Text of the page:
Intersectionality identifies multiple interdependent factors of advantage and disadvantage. It refers to the interconnected nature of social categorizations such as race, class, and gender as they apply to a given individual or group
Black women workers at GM were told they had no legal grounds for a discrimination case against their employer because antidiscrimination law only protected single-identity categories.
The concept of intersectionality provided the grounds for a long, slow paradigm shift that is still unfolding in the social sciences, in legal scholarship, and in other domains of research and practice.
While there is rapidly growing interest in algorithmic bias audits, especially in the fairness, accountability, and transparency in machine learning community, most are single-axis: they look for a biased distribution of error rates only according to a single variable, such as race or gender.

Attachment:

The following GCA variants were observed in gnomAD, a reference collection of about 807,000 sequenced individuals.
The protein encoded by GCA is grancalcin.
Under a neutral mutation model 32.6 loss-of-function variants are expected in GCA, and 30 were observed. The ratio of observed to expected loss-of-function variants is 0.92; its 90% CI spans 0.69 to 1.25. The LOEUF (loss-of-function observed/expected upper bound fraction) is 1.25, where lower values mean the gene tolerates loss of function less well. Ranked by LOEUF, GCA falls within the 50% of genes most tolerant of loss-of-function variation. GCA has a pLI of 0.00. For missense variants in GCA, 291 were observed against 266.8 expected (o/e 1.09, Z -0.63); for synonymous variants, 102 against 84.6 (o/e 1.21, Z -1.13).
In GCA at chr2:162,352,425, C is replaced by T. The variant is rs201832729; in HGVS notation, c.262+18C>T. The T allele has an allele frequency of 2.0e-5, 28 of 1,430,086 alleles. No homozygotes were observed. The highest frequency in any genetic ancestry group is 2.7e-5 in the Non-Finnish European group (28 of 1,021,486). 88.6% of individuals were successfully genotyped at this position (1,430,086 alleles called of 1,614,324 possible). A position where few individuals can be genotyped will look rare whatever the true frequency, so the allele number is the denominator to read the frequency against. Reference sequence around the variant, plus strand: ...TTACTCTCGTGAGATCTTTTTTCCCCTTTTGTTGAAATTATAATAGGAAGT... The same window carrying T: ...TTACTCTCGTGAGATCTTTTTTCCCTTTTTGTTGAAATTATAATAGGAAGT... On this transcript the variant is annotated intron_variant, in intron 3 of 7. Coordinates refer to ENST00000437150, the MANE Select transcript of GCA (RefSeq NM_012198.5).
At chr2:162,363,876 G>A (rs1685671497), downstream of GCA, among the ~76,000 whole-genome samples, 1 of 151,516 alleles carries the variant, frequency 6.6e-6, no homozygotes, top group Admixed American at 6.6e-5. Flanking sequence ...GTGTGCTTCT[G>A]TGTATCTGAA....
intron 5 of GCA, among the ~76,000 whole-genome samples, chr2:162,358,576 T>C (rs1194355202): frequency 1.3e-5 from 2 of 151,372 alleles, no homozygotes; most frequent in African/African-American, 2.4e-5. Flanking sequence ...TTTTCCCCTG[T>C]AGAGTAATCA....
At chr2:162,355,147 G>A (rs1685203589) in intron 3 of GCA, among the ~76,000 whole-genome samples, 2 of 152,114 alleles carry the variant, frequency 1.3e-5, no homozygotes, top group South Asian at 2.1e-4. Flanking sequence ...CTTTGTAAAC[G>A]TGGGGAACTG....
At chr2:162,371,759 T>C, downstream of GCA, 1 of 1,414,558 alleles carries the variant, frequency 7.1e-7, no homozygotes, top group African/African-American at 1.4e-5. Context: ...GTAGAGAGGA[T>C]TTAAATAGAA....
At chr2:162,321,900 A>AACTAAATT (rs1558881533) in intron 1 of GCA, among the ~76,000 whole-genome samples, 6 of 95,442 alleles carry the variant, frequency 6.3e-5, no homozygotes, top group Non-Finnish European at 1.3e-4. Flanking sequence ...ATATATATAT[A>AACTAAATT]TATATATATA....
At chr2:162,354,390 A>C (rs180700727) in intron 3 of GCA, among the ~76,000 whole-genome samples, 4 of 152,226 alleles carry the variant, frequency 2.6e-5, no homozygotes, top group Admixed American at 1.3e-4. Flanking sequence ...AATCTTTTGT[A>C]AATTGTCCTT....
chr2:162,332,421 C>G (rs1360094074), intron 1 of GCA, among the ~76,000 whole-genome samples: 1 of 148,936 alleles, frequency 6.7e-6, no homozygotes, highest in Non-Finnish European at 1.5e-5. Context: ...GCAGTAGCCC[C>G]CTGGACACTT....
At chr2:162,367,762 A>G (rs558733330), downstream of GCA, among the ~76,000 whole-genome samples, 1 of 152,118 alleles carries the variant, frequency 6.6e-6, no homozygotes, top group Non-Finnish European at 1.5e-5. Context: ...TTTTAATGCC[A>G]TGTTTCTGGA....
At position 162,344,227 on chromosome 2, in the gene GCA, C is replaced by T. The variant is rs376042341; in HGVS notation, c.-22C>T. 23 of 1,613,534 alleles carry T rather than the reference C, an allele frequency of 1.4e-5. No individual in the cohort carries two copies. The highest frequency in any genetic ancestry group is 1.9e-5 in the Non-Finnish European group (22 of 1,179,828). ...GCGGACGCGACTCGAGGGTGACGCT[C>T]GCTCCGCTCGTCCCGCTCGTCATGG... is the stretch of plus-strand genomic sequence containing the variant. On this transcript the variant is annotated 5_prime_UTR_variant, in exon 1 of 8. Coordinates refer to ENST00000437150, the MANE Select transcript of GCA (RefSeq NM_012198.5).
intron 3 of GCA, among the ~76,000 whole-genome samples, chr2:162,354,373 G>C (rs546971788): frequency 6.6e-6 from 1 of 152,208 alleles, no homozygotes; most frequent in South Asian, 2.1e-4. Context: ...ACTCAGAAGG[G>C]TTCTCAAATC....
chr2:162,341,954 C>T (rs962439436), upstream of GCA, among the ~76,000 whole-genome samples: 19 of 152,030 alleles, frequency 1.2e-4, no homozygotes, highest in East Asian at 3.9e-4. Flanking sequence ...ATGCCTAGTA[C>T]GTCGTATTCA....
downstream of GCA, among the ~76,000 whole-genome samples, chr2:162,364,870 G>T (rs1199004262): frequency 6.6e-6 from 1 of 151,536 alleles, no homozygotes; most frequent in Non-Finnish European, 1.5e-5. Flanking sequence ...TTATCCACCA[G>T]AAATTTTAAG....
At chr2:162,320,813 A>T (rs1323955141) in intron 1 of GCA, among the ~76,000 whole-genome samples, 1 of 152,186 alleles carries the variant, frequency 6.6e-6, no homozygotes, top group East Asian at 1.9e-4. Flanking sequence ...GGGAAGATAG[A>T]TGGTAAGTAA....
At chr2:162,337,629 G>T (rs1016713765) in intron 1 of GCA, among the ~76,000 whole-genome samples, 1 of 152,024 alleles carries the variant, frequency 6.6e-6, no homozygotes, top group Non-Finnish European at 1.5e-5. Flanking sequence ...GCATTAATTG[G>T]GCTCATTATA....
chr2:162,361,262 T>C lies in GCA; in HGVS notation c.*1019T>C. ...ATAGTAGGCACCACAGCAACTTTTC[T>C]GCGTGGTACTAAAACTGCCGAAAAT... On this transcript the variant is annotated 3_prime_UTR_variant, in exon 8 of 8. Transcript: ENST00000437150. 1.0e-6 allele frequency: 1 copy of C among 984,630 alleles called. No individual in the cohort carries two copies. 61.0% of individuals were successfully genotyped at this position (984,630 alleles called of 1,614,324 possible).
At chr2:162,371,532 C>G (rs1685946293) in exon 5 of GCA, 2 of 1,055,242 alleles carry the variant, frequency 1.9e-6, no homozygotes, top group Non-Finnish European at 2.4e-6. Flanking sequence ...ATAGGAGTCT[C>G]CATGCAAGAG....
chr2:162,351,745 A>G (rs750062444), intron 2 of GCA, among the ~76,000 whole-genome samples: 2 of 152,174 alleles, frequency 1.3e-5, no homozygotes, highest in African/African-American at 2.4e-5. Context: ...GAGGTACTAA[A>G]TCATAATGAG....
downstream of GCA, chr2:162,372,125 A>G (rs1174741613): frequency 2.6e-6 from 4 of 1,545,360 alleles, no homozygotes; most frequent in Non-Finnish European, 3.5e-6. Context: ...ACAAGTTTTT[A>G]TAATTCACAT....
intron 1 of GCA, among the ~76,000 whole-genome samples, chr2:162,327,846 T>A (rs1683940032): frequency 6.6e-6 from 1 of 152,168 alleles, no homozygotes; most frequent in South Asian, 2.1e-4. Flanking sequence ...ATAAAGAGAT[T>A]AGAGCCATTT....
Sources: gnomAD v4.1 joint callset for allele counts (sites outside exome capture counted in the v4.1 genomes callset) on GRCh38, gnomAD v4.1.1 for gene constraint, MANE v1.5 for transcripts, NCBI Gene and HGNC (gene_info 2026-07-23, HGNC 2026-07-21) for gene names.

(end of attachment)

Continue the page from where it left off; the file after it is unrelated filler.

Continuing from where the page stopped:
One question about [intersectional approaches] is how many identity variables to include because each adds complexity (and, in many situations, time and cost) to audits.